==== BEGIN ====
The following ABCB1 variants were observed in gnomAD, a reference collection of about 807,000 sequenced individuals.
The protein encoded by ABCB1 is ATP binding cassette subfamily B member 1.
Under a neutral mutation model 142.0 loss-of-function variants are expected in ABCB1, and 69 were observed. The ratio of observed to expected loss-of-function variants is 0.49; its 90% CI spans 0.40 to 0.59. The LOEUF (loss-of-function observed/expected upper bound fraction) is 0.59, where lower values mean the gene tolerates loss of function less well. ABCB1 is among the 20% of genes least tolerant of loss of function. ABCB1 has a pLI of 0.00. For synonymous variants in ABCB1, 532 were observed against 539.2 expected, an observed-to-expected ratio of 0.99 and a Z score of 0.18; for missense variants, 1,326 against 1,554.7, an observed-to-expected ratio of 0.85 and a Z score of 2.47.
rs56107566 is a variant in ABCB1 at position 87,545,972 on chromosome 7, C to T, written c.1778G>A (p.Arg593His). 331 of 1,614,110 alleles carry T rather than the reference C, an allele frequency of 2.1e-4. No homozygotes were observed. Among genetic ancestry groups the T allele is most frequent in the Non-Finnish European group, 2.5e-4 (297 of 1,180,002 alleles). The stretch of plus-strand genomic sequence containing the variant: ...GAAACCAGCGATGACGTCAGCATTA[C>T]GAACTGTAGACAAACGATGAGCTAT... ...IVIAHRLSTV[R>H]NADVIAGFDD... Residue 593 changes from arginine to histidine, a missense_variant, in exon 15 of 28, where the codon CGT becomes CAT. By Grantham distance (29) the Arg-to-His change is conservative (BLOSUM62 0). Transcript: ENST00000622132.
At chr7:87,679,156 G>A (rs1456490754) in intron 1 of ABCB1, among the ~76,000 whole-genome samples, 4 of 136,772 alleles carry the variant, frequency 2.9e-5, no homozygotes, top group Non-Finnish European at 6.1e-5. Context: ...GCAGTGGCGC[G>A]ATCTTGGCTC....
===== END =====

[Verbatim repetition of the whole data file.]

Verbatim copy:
The following ABCB1 variants were observed in gnomAD, a reference collection of about 807,000 sequenced individuals.
The protein encoded by ABCB1 is ATP binding cassette subfamily B member 1.
Under a neutral mutation model 142.0 loss-of-function variants are expected in ABCB1, and 69 were observed. The ratio of observed to expected loss-of-function variants is 0.49; its 90% CI spans 0.40 to 0.59. The LOEUF (loss-of-function observed/expected upper bound fraction) is 0.59, where lower values mean the gene tolerates loss of function less well. ABCB1 is among the 20% of genes least tolerant of loss of function. ABCB1 has a pLI of 0.00. For synonymous variants in ABCB1, 532 were observed against 539.2 expected, an observed-to-expected ratio of 0.99 and a Z score of 0.18; for missense variants, 1,326 against 1,554.7, an observed-to-expected ratio of 0.85 and a Z score of 2.47.
rs56107566 is a variant in ABCB1 at position 87,545,972 on chromosome 7, C to T, written c.1778G>A (p.Arg593His). 331 of 1,614,110 alleles carry T rather than the reference C, an allele frequency of 2.1e-4. No homozygotes were observed. Among genetic ancestry groups the T allele is most frequent in the Non-Finnish European group, 2.5e-4 (297 of 1,180,002 alleles). The stretch of plus-strand genomic sequence containing the variant: ...GAAACCAGCGATGACGTCAGCATTA[C>T]GAACTGTAGACAAACGATGAGCTAT... ...IVIAHRLSTV[R>H]NADVIAGFDD... Residue 593 changes from arginine to histidine, a missense_variant, in exon 15 of 28, where the codon CGT becomes CAT. By Grantham distance (29) the Arg-to-His change is conservative (BLOSUM62 0). Transcript: ENST00000622132.
At chr7:87,679,156 G>A (rs1456490754) in intron 1 of ABCB1, among the ~76,000 whole-genome samples, 4 of 136,772 alleles carry the variant, frequency 2.9e-5, no homozygotes, top group Non-Finnish European at 6.1e-5. Context: ...GCAGTGGCGC[G>A]ATCTTGGCTC....